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By Mirvat Chammout

“Gone with the Wind” is one of the most famous motion pictures of all time. Winning a total of 10 awards, it is clear the movie is a true work of art and absolutely phenomenal from beginning to end. “Gone with the Wind” astounds its viewers from its vibrant use of Technicolor to its breathtaking sunsets. It’s a story of survival through the toughest of times and it resonates with people all around the world. It is known for its powerful, infamous lines that echo in our hearts. “I’ll never be hungry again,” “tomorrow is another day,” and, of course, “frankly my dear, I don’t give a damn,” are just a few lines that are still honored today.

“Gone with the Wind” focuses on the life of southern belle Scarlett O’Hara and her struggles through the beginning, duration, and aftermath of the Civil War. Throughout the film,

various stylistic elements are utilized in order to present the narrative effortlessly and efficiently. Camera angle, mise-en-scène, sound, and structure are merely a few examples of elements that are employed to create a sense of realism.

Mise-en-scėne is the arrangement of items in a scene including the actors, props, etc. The most crucial element of mise-en-scène utilized in “Gone with the Wind” is lighting. Low-key lighting, for instance, is applied in several scenes–for example, in the scene where the characters are fleeing Atlanta. This lighting creates a dramatic effect as it illustrates the frightening mood of the scene. The lighting also represents the looming danger the characters are facing from the ever-growing fire. As the music escalates with the fire, it causes the viewers to be on the edge of their seats and feel as if they are the ones fleeing from danger.

“Gone with the Wind” is known for its famous silhouette scenes. The first silhouette scene is in the beginning of the movie when Scarlett and her father, Gerald, are standing on a hill overlooking Tara. As the camera dramatically pulls away from the two characters, the audience is met with an astonishing sunset. Backlighting is used in this scene to create realistic shadows and to emphasize the breathtaking view. The foreground in this scene is shown completely in shadow, while the background is accentuated and looks as if it is the only source of light. This effect emphasizes Gerald’s statement that land is important and the only thing worth fighting for.

William Cameron Menzies, the production designer on “Gone with the Wind,” worked over a year to develop the perfect camera angles, lighting effects, and other directorial contributions for the film. This was especially significant during the creation of the Atlanta fire sequence since multiple versions were considered by the creators of “Gone with the Wind.” The producer, David O. Selznick, asked Menzies to complete the entire script in sketch form and the largest number of sketches represented the fire sequence. These sketches were altered several times because Selznick wanted to place emphasis on constant mounting violence in every shot. In the final version, Menzie included several dissolves during the fire sequence. The first dissolve is right after Rhett laughs when Scarlett mentions she forgot to lock the door. This shot dissolves into the following scene where we see the characters in the wagon heading away as a lamp continues to burn in the street. They are held up as they wait for a long line of soldiers to march past them. Scarlett complains, wishing they would go faster, but Rhett catuions her, stating “I wouldn’t be in such a hurry to see them go if I were you, my dear. With them goes the last semblance of law and order!” With this declaration, several shots follow to display the mayhem that Rhett predicts. The camera cuts suddenly to a window being broken by scavengers. Another shot shows numerous people stealing as many goods as they can while the fire continues to grow and illuminate behind the buildings. The final building collapses as the characters miraculously escape the fire and we see another dissolve as a new scene is introduced.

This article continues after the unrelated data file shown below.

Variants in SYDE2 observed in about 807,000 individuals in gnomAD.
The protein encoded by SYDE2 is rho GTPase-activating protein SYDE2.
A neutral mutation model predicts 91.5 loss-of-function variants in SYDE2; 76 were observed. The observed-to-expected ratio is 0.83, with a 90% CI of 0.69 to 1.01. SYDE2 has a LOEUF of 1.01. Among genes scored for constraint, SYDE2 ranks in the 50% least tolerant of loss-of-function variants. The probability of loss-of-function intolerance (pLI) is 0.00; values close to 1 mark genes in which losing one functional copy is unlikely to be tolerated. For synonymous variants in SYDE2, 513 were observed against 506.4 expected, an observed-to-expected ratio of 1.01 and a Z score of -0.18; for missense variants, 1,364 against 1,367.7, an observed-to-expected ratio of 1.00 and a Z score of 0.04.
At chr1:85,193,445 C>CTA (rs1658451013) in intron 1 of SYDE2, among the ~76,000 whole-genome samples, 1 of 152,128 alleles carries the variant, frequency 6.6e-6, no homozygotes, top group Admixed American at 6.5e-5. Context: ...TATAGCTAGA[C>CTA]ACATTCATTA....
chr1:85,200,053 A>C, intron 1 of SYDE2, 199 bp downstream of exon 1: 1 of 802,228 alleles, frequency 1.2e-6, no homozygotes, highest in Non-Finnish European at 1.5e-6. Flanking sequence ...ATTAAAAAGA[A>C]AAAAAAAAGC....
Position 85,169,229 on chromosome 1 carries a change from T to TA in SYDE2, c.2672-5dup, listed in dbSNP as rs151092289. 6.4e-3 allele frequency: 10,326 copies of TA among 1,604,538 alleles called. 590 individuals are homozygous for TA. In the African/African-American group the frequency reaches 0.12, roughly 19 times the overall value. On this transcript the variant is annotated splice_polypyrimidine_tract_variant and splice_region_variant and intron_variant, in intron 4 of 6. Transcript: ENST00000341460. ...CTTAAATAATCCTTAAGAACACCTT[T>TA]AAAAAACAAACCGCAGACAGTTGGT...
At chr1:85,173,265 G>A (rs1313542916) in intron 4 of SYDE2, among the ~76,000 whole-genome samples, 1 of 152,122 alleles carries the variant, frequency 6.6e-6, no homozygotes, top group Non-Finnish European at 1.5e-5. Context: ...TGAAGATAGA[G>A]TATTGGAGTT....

“Gone with the Wind” was one of the longest, most difficult and expensive films to develop, especially since it emerged in the midst of the Great Depression. However, this was extremely beneficial because its encouraging message of survival enthralled Great Depression era audiences and prompted them to appreciate the film’s priceless value. As people watched the film, they saw their own personal experiences reflected back to them. Seeing the characters on the screen experiencing similar struggles (starvation, loss, death) enhanced their spirits as they looked to the movie for hope and courage. The infamous quote, “I’ll never be hungry again” spoken by Scarlett was a cry aimed towards Americans to lift themselves up out of starvation.

Viewers saw Scarlett facing multiple ordeals from the war. They saw her struggling for food, laboring in the fields and losing her loved ones, but they also saw that she was surviving and fighting any obstacle that the war threw her way. They saw that no matter what happened, Scarlett remained strong and brave. As a result, Depression era viewers saw “Gone with the Wind” as a beacon of hope–as a reminder that through hard times and hopelessness, they should never give up and try to push through their dilemmas with resistance and strength like Scarlett.

“Gone with the Wind” is a priceless classic. It depicts the Civil War South perfectly and its underlying theme of survival resonates with depression-era viewers. Its story flows effortlessly and its characters come to life before our eyes. Today, “Gone with the Wind” remains one of the most magnificent and prominent films of all time.